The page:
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Influence of the innate immune response on mammalian cell culture based influenza vaccine production

MPS-Authors
http://pubman.mpdl.mpg.de/cone/persons/resource/persons86479

Seitz,  C.
Bioprocess Engineering, Max Planck Institute for Dynamics of Complex Technical Systems, Max Planck Society;

http://pubman.mpdl.mpg.de/cone/persons/resource/persons86291

Frensing,  T.
Bioprocess Engineering, Max Planck Institute for Dynamics of Complex Technical Systems, Max Planck Society;

http://pubman.mpdl.mpg.de/cone/persons/resource/persons86448

Reichl,  U.
Otto-von-Guericke-Universität Magdeburg;
Bioprocess Engineering, Max Planck Institute for Dynamics of Complex Technical Systems, Max Planck Society;

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Citation

Seitz, C., Frensing, T., & Reichl, U. (2009). Influence of the innate immune response on mammalian cell culture based influenza vaccine production. Poster presented at 21st ESACT Meeting, Dublin, Ireland.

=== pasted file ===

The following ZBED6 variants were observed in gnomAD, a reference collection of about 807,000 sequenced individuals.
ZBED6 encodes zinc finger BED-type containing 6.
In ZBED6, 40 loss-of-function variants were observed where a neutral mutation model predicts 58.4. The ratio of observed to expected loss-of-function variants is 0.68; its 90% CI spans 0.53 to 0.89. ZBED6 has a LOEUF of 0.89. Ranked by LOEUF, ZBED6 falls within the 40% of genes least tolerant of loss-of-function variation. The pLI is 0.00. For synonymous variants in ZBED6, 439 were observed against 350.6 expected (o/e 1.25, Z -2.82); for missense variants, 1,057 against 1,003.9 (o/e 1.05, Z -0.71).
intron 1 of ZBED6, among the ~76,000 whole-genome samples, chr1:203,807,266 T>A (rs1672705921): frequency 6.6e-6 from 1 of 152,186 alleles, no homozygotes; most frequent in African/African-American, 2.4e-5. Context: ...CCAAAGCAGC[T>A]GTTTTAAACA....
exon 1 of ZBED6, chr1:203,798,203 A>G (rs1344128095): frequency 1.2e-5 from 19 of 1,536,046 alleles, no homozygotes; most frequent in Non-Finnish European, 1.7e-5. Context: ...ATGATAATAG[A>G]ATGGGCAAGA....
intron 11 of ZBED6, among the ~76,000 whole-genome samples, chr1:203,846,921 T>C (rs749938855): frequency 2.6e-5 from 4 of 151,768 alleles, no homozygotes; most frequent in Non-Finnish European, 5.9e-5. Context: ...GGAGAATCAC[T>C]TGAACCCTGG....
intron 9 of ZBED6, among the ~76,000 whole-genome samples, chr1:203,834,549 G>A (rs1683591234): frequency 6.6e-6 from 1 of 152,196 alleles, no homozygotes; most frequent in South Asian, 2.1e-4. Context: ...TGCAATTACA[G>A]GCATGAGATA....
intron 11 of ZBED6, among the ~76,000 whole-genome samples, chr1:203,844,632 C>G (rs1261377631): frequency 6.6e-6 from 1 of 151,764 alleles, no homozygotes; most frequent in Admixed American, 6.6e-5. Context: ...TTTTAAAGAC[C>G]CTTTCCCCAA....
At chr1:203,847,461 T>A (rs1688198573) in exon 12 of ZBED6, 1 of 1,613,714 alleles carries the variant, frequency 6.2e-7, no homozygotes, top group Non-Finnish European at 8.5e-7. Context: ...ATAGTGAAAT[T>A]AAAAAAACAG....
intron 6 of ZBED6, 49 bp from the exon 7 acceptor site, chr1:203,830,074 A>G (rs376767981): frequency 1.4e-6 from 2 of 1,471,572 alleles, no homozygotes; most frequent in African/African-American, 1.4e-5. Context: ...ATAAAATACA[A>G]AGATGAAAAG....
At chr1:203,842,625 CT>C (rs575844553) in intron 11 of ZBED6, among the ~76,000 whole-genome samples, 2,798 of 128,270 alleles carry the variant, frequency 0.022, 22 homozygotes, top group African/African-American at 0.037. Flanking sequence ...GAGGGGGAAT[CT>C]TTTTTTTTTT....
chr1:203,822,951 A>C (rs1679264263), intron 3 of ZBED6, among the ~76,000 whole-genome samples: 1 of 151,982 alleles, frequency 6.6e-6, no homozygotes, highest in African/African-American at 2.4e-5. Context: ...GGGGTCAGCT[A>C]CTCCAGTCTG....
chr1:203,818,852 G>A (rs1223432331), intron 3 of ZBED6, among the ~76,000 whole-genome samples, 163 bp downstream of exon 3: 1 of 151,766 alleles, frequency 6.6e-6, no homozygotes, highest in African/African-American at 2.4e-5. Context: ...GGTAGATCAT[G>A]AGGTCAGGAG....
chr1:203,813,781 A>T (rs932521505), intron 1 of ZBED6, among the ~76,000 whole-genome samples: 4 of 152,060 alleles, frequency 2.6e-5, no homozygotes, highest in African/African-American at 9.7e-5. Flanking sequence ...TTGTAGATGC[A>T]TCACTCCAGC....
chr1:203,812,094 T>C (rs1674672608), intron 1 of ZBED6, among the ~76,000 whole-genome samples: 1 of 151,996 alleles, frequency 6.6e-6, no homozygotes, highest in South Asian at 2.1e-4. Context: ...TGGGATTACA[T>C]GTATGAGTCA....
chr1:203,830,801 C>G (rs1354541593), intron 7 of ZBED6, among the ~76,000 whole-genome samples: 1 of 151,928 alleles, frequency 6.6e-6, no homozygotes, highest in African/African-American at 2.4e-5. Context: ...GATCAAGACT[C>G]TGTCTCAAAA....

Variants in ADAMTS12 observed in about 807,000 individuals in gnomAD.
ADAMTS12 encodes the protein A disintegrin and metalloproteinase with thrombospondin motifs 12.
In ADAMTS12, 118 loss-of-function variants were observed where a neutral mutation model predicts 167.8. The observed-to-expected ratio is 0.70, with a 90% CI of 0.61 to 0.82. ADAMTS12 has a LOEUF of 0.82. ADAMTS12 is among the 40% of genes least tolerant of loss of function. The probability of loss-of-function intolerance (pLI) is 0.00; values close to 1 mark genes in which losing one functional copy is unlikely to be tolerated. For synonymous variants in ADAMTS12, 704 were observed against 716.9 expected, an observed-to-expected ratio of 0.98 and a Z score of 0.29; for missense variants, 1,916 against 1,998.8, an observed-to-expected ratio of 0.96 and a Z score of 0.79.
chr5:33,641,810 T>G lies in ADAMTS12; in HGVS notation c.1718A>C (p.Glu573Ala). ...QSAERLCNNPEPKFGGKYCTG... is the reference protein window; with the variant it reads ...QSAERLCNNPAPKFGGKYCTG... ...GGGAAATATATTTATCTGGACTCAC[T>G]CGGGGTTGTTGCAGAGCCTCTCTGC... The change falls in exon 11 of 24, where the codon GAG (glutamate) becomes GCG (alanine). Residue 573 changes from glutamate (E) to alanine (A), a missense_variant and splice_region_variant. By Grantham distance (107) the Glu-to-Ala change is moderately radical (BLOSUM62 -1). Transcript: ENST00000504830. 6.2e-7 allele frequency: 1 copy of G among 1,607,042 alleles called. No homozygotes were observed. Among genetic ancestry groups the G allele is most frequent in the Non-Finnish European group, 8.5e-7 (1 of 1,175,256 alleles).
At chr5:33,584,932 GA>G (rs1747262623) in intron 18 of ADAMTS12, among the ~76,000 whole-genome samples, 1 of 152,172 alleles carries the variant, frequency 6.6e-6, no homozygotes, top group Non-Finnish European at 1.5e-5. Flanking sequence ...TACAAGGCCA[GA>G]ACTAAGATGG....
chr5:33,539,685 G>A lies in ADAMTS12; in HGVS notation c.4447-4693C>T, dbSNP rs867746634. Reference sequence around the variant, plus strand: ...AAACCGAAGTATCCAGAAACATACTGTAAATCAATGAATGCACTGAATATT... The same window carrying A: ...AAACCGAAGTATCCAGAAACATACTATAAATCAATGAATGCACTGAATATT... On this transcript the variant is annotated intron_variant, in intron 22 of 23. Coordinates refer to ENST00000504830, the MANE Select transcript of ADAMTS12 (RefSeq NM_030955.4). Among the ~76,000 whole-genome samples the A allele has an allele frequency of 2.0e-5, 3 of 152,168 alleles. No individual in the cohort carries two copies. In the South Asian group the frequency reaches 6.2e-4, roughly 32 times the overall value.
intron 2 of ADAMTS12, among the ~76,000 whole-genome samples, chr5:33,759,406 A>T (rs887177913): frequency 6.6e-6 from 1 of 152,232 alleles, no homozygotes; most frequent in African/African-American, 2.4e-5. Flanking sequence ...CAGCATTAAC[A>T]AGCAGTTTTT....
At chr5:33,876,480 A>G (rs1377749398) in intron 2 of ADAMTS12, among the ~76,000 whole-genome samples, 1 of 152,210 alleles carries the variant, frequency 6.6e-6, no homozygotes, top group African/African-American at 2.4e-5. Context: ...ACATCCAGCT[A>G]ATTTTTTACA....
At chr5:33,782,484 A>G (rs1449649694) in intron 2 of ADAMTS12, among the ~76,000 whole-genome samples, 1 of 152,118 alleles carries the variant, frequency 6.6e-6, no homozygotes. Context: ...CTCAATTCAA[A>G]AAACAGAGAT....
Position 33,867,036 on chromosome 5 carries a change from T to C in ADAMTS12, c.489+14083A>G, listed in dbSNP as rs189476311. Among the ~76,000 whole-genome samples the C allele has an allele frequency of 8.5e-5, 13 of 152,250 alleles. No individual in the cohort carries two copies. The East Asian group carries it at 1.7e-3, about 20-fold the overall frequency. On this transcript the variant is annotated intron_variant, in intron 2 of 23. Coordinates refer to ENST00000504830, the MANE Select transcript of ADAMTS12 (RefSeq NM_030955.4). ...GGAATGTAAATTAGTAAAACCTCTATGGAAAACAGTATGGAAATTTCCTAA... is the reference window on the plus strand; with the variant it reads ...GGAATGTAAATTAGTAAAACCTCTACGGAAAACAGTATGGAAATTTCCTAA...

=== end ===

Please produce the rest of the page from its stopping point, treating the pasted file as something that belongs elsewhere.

Cite as: http://hdl.handle.net/11858/00-001M-0000-0013-92A5-F
Abstract
For cell culture based Influenza vaccine production processes virus yield optimization is of crucial importance. A well characterized factor that limits Influenza replication in vivo is the type I interferon (IFN) response. Therefore, we want to analyse whether the induction of type I IFN and subsequent expression of antiviral genes is also of importance in a Madin-Darby canine kidney (MDCK) cell culture based Influenza production process. qRT-PCR and luciferase reporter assays were used to determine the expression levels of IFN-beta and Mx1 in MDCK cells infected with different Influenza viruses. All strains tested showed significant induction of IFN-beta, but the levels, as well as the kinetics of induction and the amount of resulting Mx1 expression varied strain dependently. As a first approach to examine the influence of IFN-beta expression on virus yield and virus replication dynamics, we transiently transfected MDCK cells with a plasmid containing the sequence of A/PR/8/34 NS1, which acts as a type I IFN antagonists. Infection of these cells with different Influenza strains showed at least 5 fold reduced levels of IFN-beta induction. For A/PR/8/34 delNS1 this inhibition of IFN induction resulted in faster virus production and slightly higher maximal virus yield compared to control cells. However, for virus strains with functional NS1 no significant effect of NS1-overexpression on virus yield or replication kinetics was found. A possible explanation could be that in cell culture with MDCK cells and MDCK-adapted Influenza viruses, expression of IFN and IFN-stimulated genes is not a yield limiting factor. This is also supported by experiments showing that pre-treatment of MDCK cells with IFN-containing medium does not affect virus yield in our system.